sensation
•   Look for more than a single
    ingrown cilia
•   Look for cause, lid trauma and
    scarring
• Management
 – Cut lash near follicle
 – Remove distal portion of lash
 – Epilate remainder of lash
 – Prophylaxis with antibiotic




•*
            Dermatochalaisis
• Redundancy of skin of the upper lid
    such that it drapes downward over lid
    margin. May look like ptosis - hold the
    redundant skin flap up
•   Middle aged to elderly patient; bilateral
•   May be familial tendency
•   May have herniation of orbital fat
    through the orbital septum causing
    puffy, "swollen“ appearance
• Evaluation
    – Usually quite easy to notice and
      diagnose (just "baggy" eyelids)
    – Watch for true ptosis and for lid
      edema
•   Management
    – If no trichiasis and no field loss the
      problem is cosmetic only - reassure
      the patient
    – If trichiasis, treat it. (Consider
      surgery - cryo, electrolysis, etc.)
• If field loss and desire to obtain
    cosmetic improvement, do a careful
    formal visual field evaluation with and
    without lids held to document
    functional vision defect (10˚ difference
    in VF loss). Insurance needs this in
    most cases to allow a claim for
    blepharoplasty
• Surgery - blepharoplasty remember VF
    necessary with and without lid held to
    obtain insurance funding
•   Referral to oculoplastic specialist or
    cosmetic surgeon
        Blepharochalaisis
• Younger to middle aged patient with
 baggy lids secondary to recurrent
 swelling of lids due to recurrent
 inflammation or edema

• These recurrences of edema result in
 stretching of periorbital skin, loss of
 elasticity
• Superior lid drapes over lid margin in
    many cases
•   May mimic ptosis. Be sure to rule out
    true ptosis. Note that a ptosis (not of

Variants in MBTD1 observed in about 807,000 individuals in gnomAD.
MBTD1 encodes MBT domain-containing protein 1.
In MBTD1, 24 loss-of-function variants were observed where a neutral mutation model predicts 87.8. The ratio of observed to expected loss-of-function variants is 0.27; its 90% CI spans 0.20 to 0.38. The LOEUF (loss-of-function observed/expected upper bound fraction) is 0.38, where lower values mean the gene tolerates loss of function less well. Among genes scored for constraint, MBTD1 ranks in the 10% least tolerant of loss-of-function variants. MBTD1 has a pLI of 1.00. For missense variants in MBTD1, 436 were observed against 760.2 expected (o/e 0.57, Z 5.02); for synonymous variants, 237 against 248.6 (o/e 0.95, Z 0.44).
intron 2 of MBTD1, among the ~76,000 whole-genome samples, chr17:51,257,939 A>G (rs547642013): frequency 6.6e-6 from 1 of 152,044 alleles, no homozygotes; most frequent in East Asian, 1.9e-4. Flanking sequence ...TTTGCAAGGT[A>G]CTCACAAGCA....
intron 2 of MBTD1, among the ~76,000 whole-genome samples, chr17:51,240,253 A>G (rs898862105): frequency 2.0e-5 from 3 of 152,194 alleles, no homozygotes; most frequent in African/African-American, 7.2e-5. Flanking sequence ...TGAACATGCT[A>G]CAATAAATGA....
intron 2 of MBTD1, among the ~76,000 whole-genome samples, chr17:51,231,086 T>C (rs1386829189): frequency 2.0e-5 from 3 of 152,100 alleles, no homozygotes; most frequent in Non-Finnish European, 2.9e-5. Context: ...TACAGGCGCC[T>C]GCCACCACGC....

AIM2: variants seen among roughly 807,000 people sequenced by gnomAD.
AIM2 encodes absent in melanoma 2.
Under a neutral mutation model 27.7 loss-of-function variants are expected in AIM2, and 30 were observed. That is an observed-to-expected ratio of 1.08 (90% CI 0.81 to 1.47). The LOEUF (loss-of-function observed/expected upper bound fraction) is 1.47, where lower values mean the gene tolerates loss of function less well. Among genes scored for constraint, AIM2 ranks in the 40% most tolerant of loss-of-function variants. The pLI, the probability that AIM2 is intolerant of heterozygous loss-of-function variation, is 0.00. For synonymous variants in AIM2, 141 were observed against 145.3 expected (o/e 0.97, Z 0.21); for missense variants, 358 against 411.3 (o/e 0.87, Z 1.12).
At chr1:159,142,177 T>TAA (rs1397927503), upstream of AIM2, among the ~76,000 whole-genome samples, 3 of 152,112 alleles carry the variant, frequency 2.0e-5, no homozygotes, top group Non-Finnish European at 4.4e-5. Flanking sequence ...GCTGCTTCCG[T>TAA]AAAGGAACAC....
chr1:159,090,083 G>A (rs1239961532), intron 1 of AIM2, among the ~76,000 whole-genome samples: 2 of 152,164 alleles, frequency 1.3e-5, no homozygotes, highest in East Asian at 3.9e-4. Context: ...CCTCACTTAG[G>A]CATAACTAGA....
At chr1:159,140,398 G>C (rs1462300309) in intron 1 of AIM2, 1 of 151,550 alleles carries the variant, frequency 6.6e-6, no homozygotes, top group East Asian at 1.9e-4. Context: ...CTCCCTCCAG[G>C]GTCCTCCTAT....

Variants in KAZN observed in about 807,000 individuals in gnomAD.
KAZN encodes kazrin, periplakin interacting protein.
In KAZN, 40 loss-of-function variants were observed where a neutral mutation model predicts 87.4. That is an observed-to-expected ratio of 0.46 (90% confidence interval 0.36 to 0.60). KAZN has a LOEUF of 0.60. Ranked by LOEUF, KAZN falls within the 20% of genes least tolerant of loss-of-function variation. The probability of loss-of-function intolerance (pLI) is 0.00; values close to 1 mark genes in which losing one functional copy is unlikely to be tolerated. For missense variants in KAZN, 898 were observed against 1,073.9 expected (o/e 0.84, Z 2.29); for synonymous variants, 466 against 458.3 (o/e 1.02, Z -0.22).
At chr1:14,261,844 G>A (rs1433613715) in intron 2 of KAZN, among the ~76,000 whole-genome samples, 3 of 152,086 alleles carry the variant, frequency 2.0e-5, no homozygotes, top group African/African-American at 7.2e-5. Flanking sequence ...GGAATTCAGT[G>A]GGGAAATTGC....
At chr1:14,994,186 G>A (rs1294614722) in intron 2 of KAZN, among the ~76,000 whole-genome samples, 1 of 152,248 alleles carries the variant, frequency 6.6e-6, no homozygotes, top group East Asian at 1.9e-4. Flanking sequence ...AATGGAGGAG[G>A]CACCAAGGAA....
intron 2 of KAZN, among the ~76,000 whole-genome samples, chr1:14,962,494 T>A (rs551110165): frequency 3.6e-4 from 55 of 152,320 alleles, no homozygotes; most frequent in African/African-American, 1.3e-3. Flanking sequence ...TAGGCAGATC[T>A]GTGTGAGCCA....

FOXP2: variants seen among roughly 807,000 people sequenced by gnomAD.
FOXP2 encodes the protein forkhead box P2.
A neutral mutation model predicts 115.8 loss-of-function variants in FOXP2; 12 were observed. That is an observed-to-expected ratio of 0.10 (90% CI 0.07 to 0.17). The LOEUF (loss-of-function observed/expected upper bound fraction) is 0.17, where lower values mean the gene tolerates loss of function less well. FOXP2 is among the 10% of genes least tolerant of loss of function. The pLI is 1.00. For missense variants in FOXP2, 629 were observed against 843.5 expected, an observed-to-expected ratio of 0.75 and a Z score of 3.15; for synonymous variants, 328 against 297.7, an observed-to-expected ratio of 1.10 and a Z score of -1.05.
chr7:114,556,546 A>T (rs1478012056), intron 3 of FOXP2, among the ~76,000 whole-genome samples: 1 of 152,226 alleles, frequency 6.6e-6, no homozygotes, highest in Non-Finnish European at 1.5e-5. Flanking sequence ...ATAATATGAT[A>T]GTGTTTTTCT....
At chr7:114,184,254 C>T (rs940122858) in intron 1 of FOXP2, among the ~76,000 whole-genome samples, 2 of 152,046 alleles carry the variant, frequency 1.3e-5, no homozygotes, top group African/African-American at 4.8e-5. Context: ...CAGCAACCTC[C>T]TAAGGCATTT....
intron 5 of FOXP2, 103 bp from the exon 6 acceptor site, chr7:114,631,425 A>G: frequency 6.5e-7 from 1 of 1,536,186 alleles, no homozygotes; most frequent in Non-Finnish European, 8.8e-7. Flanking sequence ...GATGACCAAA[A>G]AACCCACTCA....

neurogenic origin) can result from
    damage to the levator aponeurosis. May
    be some cases with familial tendency
• Evaluation
  – Rule out active cause, i.e. lid mass,
    edema, inflammation
  – Rule out ptosis
  – Look for underlying cause - recurrent
    edema due to allergy, high BP, kidney
    disease
• Management
  – Treat any active cause
  – Cool compressed during swelling may
    help to decrease
  – Steroids usually not helpful
  – Consult with physician may help to
    rule out allergic disease, cardiac or
    renal diseases if suspected
– If cosmetically displeasing to patient
  - VF's and referral to plastic surgeon
  particularly oculoplastics specialist
  for blepharoplasty
– May need medical consult to
  determine cause of recurrent edema,
  i.e., rule out cardiac, renal causes and
  angioneurotic edema
     Herniation of Orbital Fat
• As orbital septum atrophies with age
    orbital fat herniates through small
    dehistences resulting in a soft mass
    usually located in upper lid medially
•   May get referrals to evaluate "tumor“
•   Occurs in elderly (secondary to
    weakening of orbital septum
    involutional change)
•   Presents as localized (inner canthus)
    soft, spongy mass within lid, anterior to
    tarsal plate
• Evaluation
  – Generally easily differentiated from
    lid or orbital growth (or lid edema)
  – Pressure to globe results in further
    herniation of orbital fat in front of the
    septum

• Management
  – Reassure patient
  – Cosmetic surgery, if desired
  – Excision of orbital fat plus
    blepharoplasty for dermatochalaisis if
    present
              Papilloma
        Benign Epithelial Tumor
• A common benign overgrowth of the
    epidermal portion of the skin of the
    eyelid (mainly the squamous epith)
•   Can have vascular core
•   Benign growths but varied appearance
•   Malignancies may look like these but
    are generally clinically differentiated on
    appearance
•   May be caused by virus (if so called
    verruca); more common in young
•   Can have numerous presentations; can
    be pigmented, variety of colors
• Types
  – Non-viral
     • Usually in elderly
  – Viral
     • Verruca
     • Verruca is a form of papilloma
        –Verruca plana - flat top
        –Verruca vulgaris - angular,
          raised, broad stalk
        –Verruca digitala - narrow stalk,
          cauliflower-like
• Signs/symptoms
     – Usually asymptomatic
     – Growth
        • Viral - fairly quick
        • Non-viral-slow
     – Color
        • Various colors
•   Surface usually rough (keratinized
    epithelium) but may be smooth, not
    eroded, ulcerated
• Can be slowly growing, have vascular core,
    do not usually erode in center. Usually
    near lid margins at mucocutaneous
    junction
•   Vascular core
• Evaluation
  – Rule out neoplastic growth, if possible, by
    looking for the following:
     • Look for rapid growth, color change
     • If on lid margin, no cilia at the location
     • Bleeding highly unlikely unless